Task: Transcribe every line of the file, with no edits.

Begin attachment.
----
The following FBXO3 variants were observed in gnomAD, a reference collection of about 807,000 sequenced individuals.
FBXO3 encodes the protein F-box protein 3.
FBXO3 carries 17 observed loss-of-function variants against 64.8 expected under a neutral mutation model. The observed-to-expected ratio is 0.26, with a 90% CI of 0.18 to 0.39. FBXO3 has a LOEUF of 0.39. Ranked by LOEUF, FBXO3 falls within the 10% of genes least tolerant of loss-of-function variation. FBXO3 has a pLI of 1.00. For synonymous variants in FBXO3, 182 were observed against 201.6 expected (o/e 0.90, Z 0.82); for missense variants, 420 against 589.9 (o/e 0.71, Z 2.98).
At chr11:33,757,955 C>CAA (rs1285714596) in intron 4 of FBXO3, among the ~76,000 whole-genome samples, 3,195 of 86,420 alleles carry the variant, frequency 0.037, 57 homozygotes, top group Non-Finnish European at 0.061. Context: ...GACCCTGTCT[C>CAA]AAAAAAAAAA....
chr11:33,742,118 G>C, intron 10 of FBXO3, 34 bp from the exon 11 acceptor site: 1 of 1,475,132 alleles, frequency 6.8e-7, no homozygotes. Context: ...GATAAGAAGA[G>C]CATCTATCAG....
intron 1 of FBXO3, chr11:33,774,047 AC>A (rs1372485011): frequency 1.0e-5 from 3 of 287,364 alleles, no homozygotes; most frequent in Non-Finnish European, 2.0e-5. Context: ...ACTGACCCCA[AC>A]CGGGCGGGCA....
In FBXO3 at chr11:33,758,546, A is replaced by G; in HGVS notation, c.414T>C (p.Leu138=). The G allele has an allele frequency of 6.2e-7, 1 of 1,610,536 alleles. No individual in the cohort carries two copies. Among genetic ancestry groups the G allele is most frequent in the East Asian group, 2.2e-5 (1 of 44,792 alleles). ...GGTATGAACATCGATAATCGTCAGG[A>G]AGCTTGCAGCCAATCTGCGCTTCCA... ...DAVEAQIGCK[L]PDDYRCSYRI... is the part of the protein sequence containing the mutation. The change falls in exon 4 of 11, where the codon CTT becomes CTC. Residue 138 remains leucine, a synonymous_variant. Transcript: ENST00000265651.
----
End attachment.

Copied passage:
The following FBXO3 variants were observed in gnomAD, a reference collection of about 807,000 sequenced individuals.
FBXO3 encodes the protein F-box protein 3.
FBXO3 carries 17 observed loss-of-function variants against 64.8 expected under a neutral mutation model. The observed-to-expected ratio is 0.26, with a 90% CI of 0.18 to 0.39. FBXO3 has a LOEUF of 0.39. Ranked by LOEUF, FBXO3 falls within the 10% of genes least tolerant of loss-of-function variation. FBXO3 has a pLI of 1.00. For synonymous variants in FBXO3, 182 were observed against 201.6 expected (o/e 0.90, Z 0.82); for missense variants, 420 against 589.9 (o/e 0.71, Z 2.98).
At chr11:33,757,955 C>CAA (rs1285714596) in intron 4 of FBXO3, among the ~76,000 whole-genome samples, 3,195 of 86,420 alleles carry the variant, frequency 0.037, 57 homozygotes, top group Non-Finnish European at 0.061. Context: ...GACCCTGTCT[C>CAA]AAAAAAAAAA....
chr11:33,742,118 G>C, intron 10 of FBXO3, 34 bp from the exon 11 acceptor site: 1 of 1,475,132 alleles, frequency 6.8e-7, no homozygotes. Context: ...GATAAGAAGA[G>C]CATCTATCAG....
intron 1 of FBXO3, chr11:33,774,047 AC>A (rs1372485011): frequency 1.0e-5 from 3 of 287,364 alleles, no homozygotes; most frequent in Non-Finnish European, 2.0e-5. Context: ...ACTGACCCCA[AC>A]CGGGCGGGCA....
In FBXO3 at chr11:33,758,546, A is replaced by G; in HGVS notation, c.414T>C (p.Leu138=). The G allele has an allele frequency of 6.2e-7, 1 of 1,610,536 alleles. No individual in the cohort carries two copies. Among genetic ancestry groups the G allele is most frequent in the East Asian group, 2.2e-5 (1 of 44,792 alleles). ...GGTATGAACATCGATAATCGTCAGG[A>G]AGCTTGCAGCCAATCTGCGCTTCCA... ...DAVEAQIGCK[L]PDDYRCSYRI... is the part of the protein sequence containing the mutation. The change falls in exon 4 of 11, where the codon CTT becomes CTC. Residue 138 remains leucine, a synonymous_variant. Transcript: ENST00000265651.